It is worth pointing out that further improvements concerning both the CCNP production process and their colloidal stabilization or even encapsulation with suitably designed copolymers may further improve the elasticity and cohesivity of the nanoparticle-built bridges within the pores. The results obtained so far, while limited to the application on only two reference substrates, do not yet allow the anticipation of a significant short-term strengthening effect of the CCNPs, in particular because of the observed low penetration depth and the lack of scientific studies regarding the chemical bonding of calcite nanoparticles with either carbonate or siliceous substrates. Thus, while some reduction of the overall porosity could be achieved, proper mechanical strengthening still needs to be confirmed.

Regarding Hydrophobic treatments, semi fluorinated water born polymers, designed and prepared to induce a nanostructured internal morphology in the polymer particles, with a hydrophobic semi fluorinated core and a hydrophilic-shell rich in either nonionic oligoethyleneoxide or anionic oligo(acrylic acid) chain end segment, were characterized (P01_INSTM). The Laboratory application and validation produced an extensive and sound information on the performance of the most promising nano systems (consolidants and protective treatments) applied on the selected lithotypes. After a pre-selection of the products and the preparation of the laboratory samples, the application of the most promising nano systems as well as selected reference products and their full validation was carried out within the second period of the project.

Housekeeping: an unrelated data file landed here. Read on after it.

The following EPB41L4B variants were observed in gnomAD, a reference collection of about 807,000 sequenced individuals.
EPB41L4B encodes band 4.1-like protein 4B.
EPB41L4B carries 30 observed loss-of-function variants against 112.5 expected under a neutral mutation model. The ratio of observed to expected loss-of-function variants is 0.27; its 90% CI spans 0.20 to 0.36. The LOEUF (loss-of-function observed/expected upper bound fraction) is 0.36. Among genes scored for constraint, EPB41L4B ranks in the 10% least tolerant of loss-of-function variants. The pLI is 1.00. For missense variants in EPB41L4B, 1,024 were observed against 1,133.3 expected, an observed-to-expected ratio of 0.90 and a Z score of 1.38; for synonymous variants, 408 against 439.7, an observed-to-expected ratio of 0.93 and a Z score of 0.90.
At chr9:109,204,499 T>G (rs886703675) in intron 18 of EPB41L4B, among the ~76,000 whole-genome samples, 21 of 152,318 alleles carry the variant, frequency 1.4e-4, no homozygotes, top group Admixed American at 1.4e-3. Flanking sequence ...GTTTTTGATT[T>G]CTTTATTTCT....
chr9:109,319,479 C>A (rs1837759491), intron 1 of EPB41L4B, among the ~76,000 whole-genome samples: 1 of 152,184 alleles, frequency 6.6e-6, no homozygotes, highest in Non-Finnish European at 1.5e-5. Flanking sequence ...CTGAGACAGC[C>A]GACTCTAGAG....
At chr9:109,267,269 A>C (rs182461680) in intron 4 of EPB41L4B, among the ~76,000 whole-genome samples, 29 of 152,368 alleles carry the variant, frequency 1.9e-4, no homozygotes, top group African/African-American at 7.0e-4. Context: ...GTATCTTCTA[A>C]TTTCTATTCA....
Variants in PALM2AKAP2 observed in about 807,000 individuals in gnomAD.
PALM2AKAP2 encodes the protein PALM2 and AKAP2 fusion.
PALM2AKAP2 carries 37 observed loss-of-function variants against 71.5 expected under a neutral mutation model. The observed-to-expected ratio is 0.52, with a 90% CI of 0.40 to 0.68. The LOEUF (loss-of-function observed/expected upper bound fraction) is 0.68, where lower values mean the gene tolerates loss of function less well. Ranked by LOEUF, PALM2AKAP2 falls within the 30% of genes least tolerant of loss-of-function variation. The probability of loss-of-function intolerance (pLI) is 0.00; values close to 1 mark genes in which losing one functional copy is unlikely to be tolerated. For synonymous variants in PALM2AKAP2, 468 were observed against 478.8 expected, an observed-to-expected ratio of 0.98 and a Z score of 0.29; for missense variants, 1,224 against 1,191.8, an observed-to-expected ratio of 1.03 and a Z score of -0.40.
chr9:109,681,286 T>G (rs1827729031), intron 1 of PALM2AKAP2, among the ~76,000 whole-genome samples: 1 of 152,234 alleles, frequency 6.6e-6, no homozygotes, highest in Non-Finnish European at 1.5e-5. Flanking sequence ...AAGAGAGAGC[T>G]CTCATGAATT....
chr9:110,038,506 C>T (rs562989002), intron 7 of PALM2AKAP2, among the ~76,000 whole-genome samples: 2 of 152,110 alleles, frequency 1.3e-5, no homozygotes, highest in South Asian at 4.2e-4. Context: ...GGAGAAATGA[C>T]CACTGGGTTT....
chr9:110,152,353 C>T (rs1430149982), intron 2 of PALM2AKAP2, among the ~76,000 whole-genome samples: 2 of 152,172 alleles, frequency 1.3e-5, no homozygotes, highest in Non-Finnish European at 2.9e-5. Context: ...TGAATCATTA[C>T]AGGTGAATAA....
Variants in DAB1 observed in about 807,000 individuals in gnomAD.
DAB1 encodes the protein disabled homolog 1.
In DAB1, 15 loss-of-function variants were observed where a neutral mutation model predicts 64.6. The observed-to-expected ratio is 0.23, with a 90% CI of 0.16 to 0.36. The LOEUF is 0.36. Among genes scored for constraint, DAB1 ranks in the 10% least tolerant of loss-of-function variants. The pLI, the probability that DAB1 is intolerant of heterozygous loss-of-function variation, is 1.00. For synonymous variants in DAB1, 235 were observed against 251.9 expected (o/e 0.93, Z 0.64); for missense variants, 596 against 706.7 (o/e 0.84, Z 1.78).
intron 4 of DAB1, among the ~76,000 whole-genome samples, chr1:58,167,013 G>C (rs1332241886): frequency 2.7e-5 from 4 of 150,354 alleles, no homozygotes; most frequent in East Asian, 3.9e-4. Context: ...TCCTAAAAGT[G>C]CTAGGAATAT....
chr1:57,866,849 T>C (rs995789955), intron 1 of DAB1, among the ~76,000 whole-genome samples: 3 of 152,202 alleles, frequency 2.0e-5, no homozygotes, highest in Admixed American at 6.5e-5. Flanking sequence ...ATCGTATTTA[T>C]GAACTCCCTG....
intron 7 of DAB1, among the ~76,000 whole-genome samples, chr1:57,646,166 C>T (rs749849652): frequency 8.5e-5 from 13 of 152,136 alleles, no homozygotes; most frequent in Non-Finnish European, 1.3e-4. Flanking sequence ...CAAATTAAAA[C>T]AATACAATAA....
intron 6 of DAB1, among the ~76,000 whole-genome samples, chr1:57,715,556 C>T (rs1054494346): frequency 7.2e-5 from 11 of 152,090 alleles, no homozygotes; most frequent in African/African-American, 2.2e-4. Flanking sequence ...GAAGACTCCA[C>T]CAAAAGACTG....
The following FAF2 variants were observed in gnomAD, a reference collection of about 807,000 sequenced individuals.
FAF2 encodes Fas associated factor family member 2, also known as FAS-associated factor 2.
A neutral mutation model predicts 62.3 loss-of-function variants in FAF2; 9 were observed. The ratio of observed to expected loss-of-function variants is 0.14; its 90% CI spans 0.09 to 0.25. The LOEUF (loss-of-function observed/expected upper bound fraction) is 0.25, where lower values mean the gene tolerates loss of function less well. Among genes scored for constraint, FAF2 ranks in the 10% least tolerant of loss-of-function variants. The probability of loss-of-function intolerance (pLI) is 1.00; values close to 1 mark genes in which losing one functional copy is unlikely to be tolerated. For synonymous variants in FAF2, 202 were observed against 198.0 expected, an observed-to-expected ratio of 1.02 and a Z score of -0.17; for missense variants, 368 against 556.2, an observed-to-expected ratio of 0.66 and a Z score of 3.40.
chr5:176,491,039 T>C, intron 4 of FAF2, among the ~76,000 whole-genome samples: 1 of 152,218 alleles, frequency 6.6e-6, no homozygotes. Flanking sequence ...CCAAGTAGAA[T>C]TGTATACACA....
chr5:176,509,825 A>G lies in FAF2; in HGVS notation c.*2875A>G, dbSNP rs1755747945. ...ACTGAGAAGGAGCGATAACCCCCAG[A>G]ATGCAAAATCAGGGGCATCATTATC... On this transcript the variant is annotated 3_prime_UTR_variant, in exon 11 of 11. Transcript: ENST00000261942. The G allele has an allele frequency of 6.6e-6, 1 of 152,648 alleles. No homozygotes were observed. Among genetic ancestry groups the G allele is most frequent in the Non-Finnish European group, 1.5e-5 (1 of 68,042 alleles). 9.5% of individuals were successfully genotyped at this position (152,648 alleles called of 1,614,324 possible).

As laboratory-produced specimens can never mimic the full range of decay phenomena found on-site, small-scale consolidation and protective treatments have been performed by experienced conservators from the project team on pilot areas of the five cathedral sites and of the Oslo Opera House (here only protective treatments).